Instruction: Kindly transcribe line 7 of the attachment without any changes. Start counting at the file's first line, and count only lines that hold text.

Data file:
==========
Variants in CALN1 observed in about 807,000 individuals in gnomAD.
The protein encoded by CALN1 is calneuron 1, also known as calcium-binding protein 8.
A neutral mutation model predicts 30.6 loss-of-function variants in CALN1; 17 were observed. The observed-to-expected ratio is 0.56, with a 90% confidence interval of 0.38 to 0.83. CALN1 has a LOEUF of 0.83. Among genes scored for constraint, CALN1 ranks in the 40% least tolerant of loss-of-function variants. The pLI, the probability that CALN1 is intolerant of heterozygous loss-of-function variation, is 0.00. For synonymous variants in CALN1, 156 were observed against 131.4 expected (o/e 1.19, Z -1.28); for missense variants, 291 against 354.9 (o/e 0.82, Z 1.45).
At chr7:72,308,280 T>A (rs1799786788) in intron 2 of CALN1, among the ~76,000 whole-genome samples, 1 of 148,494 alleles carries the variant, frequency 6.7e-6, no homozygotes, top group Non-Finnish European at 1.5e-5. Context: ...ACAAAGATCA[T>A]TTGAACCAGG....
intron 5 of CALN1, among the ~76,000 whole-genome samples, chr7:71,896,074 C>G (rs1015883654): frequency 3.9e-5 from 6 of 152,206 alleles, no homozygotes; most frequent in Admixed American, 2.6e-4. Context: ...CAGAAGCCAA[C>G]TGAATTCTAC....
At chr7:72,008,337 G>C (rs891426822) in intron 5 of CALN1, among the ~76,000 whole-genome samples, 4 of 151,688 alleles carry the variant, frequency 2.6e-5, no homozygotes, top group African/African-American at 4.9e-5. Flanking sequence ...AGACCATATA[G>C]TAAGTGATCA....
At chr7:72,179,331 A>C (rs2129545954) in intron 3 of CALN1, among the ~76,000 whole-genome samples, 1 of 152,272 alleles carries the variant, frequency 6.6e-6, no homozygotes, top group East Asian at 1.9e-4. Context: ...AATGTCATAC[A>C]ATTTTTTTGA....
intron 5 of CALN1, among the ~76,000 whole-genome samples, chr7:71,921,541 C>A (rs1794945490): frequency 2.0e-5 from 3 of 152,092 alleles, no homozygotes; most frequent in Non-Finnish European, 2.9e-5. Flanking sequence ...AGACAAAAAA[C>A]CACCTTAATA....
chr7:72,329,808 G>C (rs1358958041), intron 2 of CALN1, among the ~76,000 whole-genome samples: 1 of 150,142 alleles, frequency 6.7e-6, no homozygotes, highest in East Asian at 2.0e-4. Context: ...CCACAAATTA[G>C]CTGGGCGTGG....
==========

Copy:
At chr7:72,179,331 A>C (rs2129545954) in intron 3 of CALN1, among the ~76,000 whole-genome samples, 1 of 152,272 alleles carries the variant, frequency 6.6e-6, no homozygotes, top group East Asian at 1.9e-4. Context: ...AATGTCATAC[A>C]ATTTTTTTGA....